One person who loved The Mirror of Love was American artist Jose Villarrubia; indeed he loved it so much that he wanted to bring the poem to new audiences. He first read the poem, not in its AARGH edition but in a text-only reprint in issue three of “esoteric magazine” Rapid Eye. Speaking to the gayleague.com Villarrubia recounts his first impression of The Mirror of Love:
I had never read anything quite like it. It was difficult in parts, but also exhilarating and profound, ironic and earnest, passionate and painful. But most of all it was hopeful. Not just feel good, escapist hopeful, but deeply so. I read it, cried, laughed, and read it again several times, enjoying it more and more with each consecutive reading.
However, his close relationship with The Mirror of Love only begun some years later when he was lunching with a playwright friend who was trying to convince him to try his hand at performing on stage. It had been something that Villarrubia had wanted to do for a while, although nerves had held him back. When it was suggested that a monologue would be a good way for him to ‘get his feet wet’, he remembered The Mirror of Love and decided that would be the perfect text for him to perform. With his friend David Drake directing him he did indeed perform The Mirror of Love at a local gay pride festival. As Drake explains in his introduction to the Top Shelf edition, their original idea was to have Villarrubia as a lecturer, giving his last lecture on gay history and the challenges facing gay people today (well the 1980s). However, a friend basically pointed out that would make for a pretty boring stage show and besides surely the “piece is really all about sex”. Smart friend. Cue, a drastic change in direction as the sexual nature of The Mirror of Love was brought to prominence with a naked Villarrubia (ooh la la) talking about gay history and culture to his sleeping lover. In this form The Mirror of Love was performed and was a success.
However, that was not the end of the story.
Take Three: Pretty Pictures
Some years later and Villarrubia was working closely with Alan Moore, not only on comics such as Prometha but also illustrating Moore’s novel Voice of Fire. Whilst at the Angouleme international comics festival in France, FranÃƒÂ§ois Peneaud (a long-time friend) came up to him and asked why he hadn’t illustrated The Mirror of Love? The main reason was a simple one, The Mirror of Love had already been illustrated and Villarrubia didn’t feel he was able to be so brazen as to suggest a new edition. However, he said he was happy for his friend to suggest it and that’s exactly what Peneaud did, asking Chris Staros of Top Shelf whether they’d be interested and of course they were, providing the original authors consented, which of course they did.
So begun the process to the repackaging of The Mirror of Love into a bonafide poetry book, complete with an evocative selection photos representing gay culture and straight persecution. Drawing inspiration from Alan Moore’s original script for Bissette and Veitch, Villarrubia boldly reimagined The Mirror of Love with his photos showing a care and attention to detail that underlines Villarrubia’s love and understanding of the poem. Each picture compliments and underscores the message of the stanza, and on the rare occasions that Moore language fails the beauty and power of the accompanying picture perfectly illustrates exactly what Moore meant. The level of synergy between Villarrubia and Moore is perfectly illustrated by an anecdote Villarrubia told gayleague.com:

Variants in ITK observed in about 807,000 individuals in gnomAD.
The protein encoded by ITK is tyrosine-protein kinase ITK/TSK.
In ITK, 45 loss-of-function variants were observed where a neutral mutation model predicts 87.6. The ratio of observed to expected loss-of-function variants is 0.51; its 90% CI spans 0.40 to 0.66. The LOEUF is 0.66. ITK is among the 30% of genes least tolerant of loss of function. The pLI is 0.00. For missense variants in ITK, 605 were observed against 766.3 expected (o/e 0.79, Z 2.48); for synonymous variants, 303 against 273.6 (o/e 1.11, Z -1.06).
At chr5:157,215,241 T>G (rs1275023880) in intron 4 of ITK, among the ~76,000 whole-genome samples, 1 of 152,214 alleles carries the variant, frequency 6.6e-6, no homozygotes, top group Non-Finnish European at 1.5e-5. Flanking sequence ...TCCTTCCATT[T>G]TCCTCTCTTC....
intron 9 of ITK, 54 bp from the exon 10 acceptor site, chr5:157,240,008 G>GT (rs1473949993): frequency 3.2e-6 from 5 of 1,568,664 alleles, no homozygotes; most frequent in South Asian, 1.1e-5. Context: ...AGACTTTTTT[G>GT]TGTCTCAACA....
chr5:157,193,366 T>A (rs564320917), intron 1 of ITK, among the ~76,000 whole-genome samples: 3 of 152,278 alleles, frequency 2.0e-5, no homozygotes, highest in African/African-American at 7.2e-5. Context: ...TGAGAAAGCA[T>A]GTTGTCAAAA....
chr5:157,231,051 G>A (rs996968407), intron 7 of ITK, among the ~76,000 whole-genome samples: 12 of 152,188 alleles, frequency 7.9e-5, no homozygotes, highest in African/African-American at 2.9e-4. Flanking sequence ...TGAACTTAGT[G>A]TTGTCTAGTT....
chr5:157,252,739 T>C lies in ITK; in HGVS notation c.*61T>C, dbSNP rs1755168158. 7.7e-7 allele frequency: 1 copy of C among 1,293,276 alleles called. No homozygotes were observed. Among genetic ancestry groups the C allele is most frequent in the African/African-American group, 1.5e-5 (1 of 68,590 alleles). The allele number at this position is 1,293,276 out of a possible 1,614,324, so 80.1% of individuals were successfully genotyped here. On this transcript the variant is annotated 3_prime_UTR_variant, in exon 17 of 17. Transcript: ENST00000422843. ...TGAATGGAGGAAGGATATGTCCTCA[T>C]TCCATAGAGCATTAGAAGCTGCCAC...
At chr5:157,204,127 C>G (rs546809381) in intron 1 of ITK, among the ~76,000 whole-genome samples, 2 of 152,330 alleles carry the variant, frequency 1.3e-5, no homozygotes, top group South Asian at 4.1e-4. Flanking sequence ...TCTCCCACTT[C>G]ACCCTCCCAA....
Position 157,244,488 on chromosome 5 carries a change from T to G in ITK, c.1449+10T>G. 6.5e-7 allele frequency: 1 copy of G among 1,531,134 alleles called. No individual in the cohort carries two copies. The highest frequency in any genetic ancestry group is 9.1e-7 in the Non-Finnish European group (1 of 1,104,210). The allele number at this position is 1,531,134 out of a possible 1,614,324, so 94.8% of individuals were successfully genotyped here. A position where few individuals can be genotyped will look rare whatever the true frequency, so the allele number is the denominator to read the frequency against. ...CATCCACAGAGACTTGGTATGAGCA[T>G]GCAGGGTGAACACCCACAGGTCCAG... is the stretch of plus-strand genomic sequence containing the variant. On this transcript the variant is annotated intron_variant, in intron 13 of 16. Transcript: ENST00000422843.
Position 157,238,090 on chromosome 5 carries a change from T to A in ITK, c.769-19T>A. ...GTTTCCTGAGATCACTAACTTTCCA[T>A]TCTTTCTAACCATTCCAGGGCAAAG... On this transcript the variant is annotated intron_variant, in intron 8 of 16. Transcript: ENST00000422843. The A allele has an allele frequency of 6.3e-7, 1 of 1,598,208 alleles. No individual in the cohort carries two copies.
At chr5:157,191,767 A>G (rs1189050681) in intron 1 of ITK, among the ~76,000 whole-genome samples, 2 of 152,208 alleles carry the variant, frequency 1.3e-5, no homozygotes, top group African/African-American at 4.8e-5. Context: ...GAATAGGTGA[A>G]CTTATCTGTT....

I made a sample portfolio with ten images and went to Northampton with Chris Staros to present it to Alan and get his feedback. Alan opened it, very carefully, took a long breath, and went on to recite precisely the passage that the first image illustrated, even though it was very far from a literal representation of his words. He did this with all ten images. I was blown away; Chris was pleased.
This synergy led to Moore giving Villarrubia an unprecedented level of freedom to bring Moore’s words to life. The result is a collection of images that are simply mouth-watering, with too many outstanding images to list them all in this article. The ones that stand out in my mind are the baroque masculinity of the Spartan solider, the tender sensual classical era lesbian couple laying on the rose-bed and above all the spatters of blood on the canvas to represent the holocaust. However, all Villarrubia’s pictures are individual masterpieces that when combined with Moore’s words create a wonderful piece of art, that not only beautifully represents queer culture but the core values of the human spirit; tolerance, hope and love.
(An as an extra note the Top Shelf edition is beautifully packaged with an informative introduction by David Drake, excellent short biographies of some of the figures mentioned and extracts from poems referenced. In addition the reproduction values are excellent.)
The Final Word
The Mirror of Love is not a flawless poem, but it’s an admirable one with at times haunting language beautifully expressing LGBT history and culture. However, it’s only with the Top Shelf edition that those words are packaged in a form that does them justice. Villarrubia’s pictures add much to Moore’s words as they bring real character and heart to the piece. This isn’t a comic book, but the way that words and pictures come together to create something greater than either could achieve by themselves is perfectly within the spirit of the medium.
That’s all for this week. Join me next week when I’ll be looking at How Loathsome. But we close with the final stanza of The Mirror of Love, which are amongst the best words that Moore has ever wrote:
While life endures we’ll love
if what they say is true,
I’ll be refused a Heaven,
Crammed with popes,
and burn instead,
with Sappho, Michaelangelo,
and you, my love.
I’d burn throughout eternity,